Most people are attracted to recreational camping because it takes us out of the rat race for a bit. It allows us to stretch our legs, relax, simplify, and commune with nature.
So, it’s an age-old debate among campers: Are you really camping if you choose an RV over a camping tent? While many camping purists would argue that staying in an RV diminishes the authenticity of the camping experience, growing numbers of recreational campers are opting for a more modern, comfortable approach to enjoying the beauty of the outdoors.
It's no surprise most people start their foray into recreational camping using a tent. A tent is a simple, affordable option, and, if you’re new to the world of camping, it's wise to get a little experience under your belt before making a huge investment.
But, inevitably, most habitual campers find themselves considering an upgrade. So, while tent camping can feel more authentic, it lacks the comfort and convenience of an RV. When deciding whether or not to take the leap, there are some benefits to RV camping to consider.
If you’ve ever been caught in an unexpected downpour while camping or had to cancel a trip because of inhospitable weather, you’re not alone. Protection from the elements may be the most popular justification for upgrading to an RV.
When you camp with an RV, you don’t have to worry much about the weather or temperature. You can hunker down in the RV for a card game or a cup of hot cocoa in cold or rainy weather. When shady spots can be hard to come by in the dead of summer, an RV with an awning can provide instant relief from the heat with little effort.
Most experienced campers put safety at the top of their list of priorities. First aid, food safety, and how to put out a campfire are all top of mind for most when venturing out into nature. Camping remains a pretty safe recreational activity, but injuries like fractures, sprains, and strains aren’t uncommon when camping, and they tend to be underreported.
An RV offers a level of safety a tent simply can’t. It's a more formidable obstacle for wildlife and the elements, and, if you do suffer an injury, self-treatment and recovery are more pleasant in an RV. It’s easy to keep a hefty supply of first aid items on hand, and it's preferable to rest a twisted ankle or clean and treat a cut in a more comfortable, dirt-free environment.
In addition, campers who have become a little less agile with age or who have a health condition that requires regular attention may feel a bit safer with the conveniences an RV can provide.
Another popular reason for investing in an RV is you’ll enjoy sleep quality and comfort. Roughing it is appealing to many, but, if you’re not a fan of sleeping on the ground, tent camping can be very uncomfortable.
RVs and motorhomes typically offer dedicated sleeping accommodations, from a king-sized master suite to a dinette that doubles as a pull-out bed. An RV also provides a better noise buffer if campfire sing-a-longs from a neighboring campsite are a little too loud.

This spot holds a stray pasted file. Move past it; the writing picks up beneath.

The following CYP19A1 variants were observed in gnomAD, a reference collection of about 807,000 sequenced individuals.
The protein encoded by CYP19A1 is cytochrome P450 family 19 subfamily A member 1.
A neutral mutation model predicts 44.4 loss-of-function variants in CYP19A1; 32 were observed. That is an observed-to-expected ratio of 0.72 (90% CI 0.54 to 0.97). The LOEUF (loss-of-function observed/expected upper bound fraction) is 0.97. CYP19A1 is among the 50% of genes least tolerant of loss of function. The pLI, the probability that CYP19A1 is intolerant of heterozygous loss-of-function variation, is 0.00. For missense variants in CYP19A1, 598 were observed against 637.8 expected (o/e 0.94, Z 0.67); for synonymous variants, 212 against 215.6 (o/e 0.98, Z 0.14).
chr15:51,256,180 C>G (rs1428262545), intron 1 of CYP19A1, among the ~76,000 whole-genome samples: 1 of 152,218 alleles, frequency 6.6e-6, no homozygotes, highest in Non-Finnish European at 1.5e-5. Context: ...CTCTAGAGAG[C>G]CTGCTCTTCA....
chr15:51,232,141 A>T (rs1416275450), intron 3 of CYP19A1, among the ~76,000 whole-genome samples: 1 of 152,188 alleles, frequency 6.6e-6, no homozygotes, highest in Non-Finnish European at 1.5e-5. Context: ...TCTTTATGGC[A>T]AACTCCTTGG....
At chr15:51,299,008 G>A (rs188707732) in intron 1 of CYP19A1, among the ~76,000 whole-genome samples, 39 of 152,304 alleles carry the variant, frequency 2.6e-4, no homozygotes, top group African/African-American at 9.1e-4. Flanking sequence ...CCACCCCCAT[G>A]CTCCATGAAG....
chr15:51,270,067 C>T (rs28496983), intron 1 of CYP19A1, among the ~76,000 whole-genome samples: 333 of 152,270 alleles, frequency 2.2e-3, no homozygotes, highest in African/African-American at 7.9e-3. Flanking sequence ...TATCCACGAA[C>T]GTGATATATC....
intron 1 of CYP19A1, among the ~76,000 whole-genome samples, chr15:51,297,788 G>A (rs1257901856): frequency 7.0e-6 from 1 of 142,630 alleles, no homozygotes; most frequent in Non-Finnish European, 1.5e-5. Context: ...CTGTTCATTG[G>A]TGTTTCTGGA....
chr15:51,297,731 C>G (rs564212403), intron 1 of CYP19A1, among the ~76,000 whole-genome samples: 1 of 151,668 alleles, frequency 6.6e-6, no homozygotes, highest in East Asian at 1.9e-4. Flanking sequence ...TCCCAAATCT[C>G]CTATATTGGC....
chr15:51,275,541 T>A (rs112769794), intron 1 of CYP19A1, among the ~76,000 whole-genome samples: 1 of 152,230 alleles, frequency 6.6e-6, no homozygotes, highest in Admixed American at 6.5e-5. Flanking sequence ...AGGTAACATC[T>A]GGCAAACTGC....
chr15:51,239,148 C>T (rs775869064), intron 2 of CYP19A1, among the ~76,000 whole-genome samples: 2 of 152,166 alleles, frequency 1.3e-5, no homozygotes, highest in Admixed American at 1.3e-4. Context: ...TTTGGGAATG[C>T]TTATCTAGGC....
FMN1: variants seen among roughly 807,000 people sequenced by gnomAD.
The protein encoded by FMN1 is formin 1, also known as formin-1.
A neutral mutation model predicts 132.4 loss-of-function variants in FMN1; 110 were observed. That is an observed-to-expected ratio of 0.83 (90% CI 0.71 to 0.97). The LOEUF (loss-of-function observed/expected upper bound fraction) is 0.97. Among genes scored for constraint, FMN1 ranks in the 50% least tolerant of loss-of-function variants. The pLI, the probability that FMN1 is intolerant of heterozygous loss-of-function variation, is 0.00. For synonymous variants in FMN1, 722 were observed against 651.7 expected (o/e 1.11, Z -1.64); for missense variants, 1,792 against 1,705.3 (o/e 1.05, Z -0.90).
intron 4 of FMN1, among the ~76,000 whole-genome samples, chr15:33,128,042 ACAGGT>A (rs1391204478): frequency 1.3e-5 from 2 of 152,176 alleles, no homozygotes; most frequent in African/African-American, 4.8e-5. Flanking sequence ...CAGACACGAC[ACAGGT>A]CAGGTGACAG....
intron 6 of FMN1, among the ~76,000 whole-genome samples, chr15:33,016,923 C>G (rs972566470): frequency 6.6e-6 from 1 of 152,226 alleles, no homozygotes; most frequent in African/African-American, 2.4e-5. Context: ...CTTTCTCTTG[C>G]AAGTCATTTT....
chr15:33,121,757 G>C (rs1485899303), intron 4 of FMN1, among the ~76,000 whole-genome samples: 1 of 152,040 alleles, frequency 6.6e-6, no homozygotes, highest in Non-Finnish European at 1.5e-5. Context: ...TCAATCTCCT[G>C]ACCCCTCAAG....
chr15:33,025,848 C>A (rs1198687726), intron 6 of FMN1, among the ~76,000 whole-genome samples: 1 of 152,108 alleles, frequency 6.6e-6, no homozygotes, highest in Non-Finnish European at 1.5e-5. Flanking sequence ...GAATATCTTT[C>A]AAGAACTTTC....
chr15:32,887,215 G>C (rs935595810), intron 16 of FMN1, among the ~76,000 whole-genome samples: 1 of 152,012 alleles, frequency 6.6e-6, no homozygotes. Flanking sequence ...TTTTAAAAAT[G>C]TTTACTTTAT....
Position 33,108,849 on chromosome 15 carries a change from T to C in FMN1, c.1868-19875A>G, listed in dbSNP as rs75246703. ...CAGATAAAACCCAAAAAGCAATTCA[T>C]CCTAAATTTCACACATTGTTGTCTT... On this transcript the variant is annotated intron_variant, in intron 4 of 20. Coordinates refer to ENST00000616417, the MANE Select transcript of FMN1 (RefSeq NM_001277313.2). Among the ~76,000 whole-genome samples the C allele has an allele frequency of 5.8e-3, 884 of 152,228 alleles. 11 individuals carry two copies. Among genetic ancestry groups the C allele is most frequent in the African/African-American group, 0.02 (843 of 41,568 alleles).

For some, campfire cooking is the highlight of a camping trip, but, if beanie weenie isn’t your idea of a balanced meal, you may find RV camping more desirable than a tent. Even the most basic trailers or RVs offer some kitchen amenities, providing you with more options when preparing a meal.
It can also be difficult trying to keep foods safely cool when you’re tent camping. Lugging in coolers and ice can be a hassle, and, when the ice melts, you may have no alternative. Many RVs have some type of refrigeration options, so you don’t have to worry about food spoiling or becoming inedible.
The secure storage of food is also an important rule of camping. Campers sometimes have to go to great lengths to store food safely away from wildlife. An RV eliminates the worry of unwanted nocturnal invasions.
Keeping yourself and your equipment tidy can be a challenge when camping. If you’ve ever had to wait in line for a campground shower or braved a cold creek to clean up, you know how inconvenient it can be to bathe in the woods.
Particularly after a grueling hike or a successful day fly fishing on the river, the prospect of a long hot shower in a private bathroom is very appealing.
Using the latrine in the great outdoors can pose its own challenges. Whether you handle things the old-fashioned way with a shovel and some biodegradable toilet paper or you’re relying on the facilities at a campground, it’s not ideal.
Many RVs have bathrooms with functional toilets, showers, and sinks to make life simpler and potentially more hygienic, especially helpful in a pandemic.
And there’s no end to the amenities available in an RV. If you can dream it, there’s an RV that has it. These days, many come equipped with LCD televisions, microwaves, and even washers and dryers. As an RV owner, you can decide on the level of luxury.
Many seasoned outdoor enthusiasts find their camping checklist gets longer every year. Lugging everything you need to a campsite can get old. You can keep most of the items you need for a camping trip stored in your RV, so it’s all there when you’re ready to hit the open road.
In addition to safer food storage, an RV also makes it easier to store and secure other things you want to keep safe or out of the elements, such as bedding or personal items. Some RVs are even designed to store motorized toys like ATVs or jet skis.
The Bottom Line
In the end, a camping trip should be a vacation from the daily grind. If you prefer the more bare-bones escapist feel to your hiatus, tent camping is the way to go. However, if some added comfort and modern conveniences sound more relaxing to you, it may be time to upgrade to an RV.
The best news is, you don’t have to choose just one. If variety is key, keep the tent and invest in an RV, and you’ll be prepared to go off the grid and enjoy nature’s benefits however and whenever you like.